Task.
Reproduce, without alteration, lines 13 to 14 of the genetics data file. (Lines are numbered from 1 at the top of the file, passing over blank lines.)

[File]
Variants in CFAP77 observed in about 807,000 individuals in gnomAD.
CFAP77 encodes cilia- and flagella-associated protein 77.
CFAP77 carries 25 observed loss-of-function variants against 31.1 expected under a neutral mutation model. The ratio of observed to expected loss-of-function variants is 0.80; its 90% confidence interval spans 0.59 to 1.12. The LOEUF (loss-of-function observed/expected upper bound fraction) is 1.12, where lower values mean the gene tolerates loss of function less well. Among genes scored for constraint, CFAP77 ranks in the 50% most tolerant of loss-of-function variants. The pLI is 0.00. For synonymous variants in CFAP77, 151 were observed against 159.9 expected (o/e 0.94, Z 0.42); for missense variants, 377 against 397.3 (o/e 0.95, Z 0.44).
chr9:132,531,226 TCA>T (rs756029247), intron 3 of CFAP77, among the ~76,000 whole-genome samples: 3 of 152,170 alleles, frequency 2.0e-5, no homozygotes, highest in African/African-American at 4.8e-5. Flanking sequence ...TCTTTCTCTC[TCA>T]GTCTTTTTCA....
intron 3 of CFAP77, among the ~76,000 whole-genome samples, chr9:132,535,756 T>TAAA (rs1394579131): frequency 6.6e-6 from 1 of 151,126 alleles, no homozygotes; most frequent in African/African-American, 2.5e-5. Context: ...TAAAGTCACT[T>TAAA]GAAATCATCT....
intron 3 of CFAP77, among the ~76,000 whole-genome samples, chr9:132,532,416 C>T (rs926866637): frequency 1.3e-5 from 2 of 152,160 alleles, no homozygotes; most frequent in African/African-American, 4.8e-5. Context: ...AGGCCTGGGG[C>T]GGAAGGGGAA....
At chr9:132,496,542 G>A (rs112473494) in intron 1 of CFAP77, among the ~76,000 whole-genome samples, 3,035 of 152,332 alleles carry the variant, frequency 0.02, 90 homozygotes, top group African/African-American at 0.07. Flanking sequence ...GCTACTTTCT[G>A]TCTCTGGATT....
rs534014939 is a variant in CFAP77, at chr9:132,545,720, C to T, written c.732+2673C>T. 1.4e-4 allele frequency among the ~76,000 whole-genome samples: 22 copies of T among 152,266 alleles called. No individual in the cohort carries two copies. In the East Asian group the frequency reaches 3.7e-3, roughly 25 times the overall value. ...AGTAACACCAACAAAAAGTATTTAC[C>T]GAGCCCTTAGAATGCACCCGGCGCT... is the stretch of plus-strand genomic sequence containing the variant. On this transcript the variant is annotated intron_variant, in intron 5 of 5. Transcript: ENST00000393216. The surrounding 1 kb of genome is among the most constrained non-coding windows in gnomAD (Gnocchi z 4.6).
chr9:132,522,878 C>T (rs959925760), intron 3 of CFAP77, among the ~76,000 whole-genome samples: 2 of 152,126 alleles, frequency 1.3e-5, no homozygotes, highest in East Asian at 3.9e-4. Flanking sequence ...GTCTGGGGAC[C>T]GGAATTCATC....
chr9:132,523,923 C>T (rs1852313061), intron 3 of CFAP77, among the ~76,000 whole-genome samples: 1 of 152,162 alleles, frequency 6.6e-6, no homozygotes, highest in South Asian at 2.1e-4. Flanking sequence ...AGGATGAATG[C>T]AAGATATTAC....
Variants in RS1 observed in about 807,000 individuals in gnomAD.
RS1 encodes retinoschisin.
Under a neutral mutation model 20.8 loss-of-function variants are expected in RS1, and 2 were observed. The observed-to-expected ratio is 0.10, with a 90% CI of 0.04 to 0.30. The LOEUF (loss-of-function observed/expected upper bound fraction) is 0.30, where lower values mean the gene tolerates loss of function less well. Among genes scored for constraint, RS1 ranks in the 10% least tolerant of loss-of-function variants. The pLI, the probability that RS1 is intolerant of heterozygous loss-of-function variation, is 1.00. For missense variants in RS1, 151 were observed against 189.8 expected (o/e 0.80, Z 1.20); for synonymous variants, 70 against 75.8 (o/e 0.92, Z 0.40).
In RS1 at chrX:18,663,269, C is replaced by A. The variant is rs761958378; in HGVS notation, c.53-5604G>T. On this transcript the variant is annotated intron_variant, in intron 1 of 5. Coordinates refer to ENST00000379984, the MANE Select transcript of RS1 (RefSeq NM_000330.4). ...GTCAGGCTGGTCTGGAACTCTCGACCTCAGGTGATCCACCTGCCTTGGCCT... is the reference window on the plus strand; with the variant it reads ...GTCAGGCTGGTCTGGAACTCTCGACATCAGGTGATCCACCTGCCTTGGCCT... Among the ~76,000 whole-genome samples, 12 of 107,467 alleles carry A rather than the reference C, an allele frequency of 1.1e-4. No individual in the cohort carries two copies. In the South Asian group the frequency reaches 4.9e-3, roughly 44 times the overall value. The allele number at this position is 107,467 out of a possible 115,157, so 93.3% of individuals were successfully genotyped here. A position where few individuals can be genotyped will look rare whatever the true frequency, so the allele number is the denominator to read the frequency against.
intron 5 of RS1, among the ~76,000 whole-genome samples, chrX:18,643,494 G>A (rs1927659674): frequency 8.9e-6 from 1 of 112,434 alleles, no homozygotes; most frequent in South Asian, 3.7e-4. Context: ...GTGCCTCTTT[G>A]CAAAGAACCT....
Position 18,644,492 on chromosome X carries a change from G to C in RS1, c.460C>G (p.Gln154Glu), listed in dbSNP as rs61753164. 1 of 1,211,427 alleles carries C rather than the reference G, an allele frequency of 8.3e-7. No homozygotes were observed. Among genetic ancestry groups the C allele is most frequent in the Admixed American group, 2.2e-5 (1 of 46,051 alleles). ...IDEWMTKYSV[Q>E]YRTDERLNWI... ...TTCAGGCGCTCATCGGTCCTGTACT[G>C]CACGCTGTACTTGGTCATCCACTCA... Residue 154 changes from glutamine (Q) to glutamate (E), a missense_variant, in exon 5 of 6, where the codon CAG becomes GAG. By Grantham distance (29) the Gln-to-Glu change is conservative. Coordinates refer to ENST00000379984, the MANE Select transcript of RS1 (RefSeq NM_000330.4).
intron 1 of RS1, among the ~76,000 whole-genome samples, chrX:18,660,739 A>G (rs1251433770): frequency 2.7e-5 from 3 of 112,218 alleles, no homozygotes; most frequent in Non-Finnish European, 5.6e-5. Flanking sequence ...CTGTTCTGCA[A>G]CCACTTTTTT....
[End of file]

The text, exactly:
Under a neutral mutation model 20.8 loss-of-function variants are expected in RS1, and 2 were observed. The observed-to-expected ratio is 0.10, with a 90% CI of 0.04 to 0.30. The LOEUF (loss-of-function observed/expected upper bound fraction) is 0.30, where lower values mean the gene tolerates loss of function less well. Among genes scored for constraint, RS1 ranks in the 10% least tolerant of loss-of-function variants. The pLI, the probability that RS1 is intolerant of heterozygous loss-of-function variation, is 1.00. For missense variants in RS1, 151 were observed against 189.8 expected (o/e 0.80, Z 1.20); for synonymous variants, 70 against 75.8 (o/e 0.92, Z 0.40).
In RS1 at chrX:18,663,269, C is replaced by A. The variant is rs761958378; in HGVS notation, c.53-5604G>T. On this transcript the variant is annotated intron_variant, in intron 1 of 5. Coordinates refer to ENST00000379984, the MANE Select transcript of RS1 (RefSeq NM_000330.4). ...GTCAGGCTGGTCTGGAACTCTCGACCTCAGGTGATCCACCTGCCTTGGCCT... is the reference window on the plus strand; with the variant it reads ...GTCAGGCTGGTCTGGAACTCTCGACATCAGGTGATCCACCTGCCTTGGCCT... Among the ~76,000 whole-genome samples, 12 of 107,467 alleles carry A rather than the reference C, an allele frequency of 1.1e-4. No individual in the cohort carries two copies. In the South Asian group the frequency reaches 4.9e-3, roughly 44 times the overall value. The allele number at this position is 107,467 out of a possible 115,157, so 93.3% of individuals were successfully genotyped here. A position where few individuals can be genotyped will look rare whatever the true frequency, so the allele number is the denominator to read the frequency against.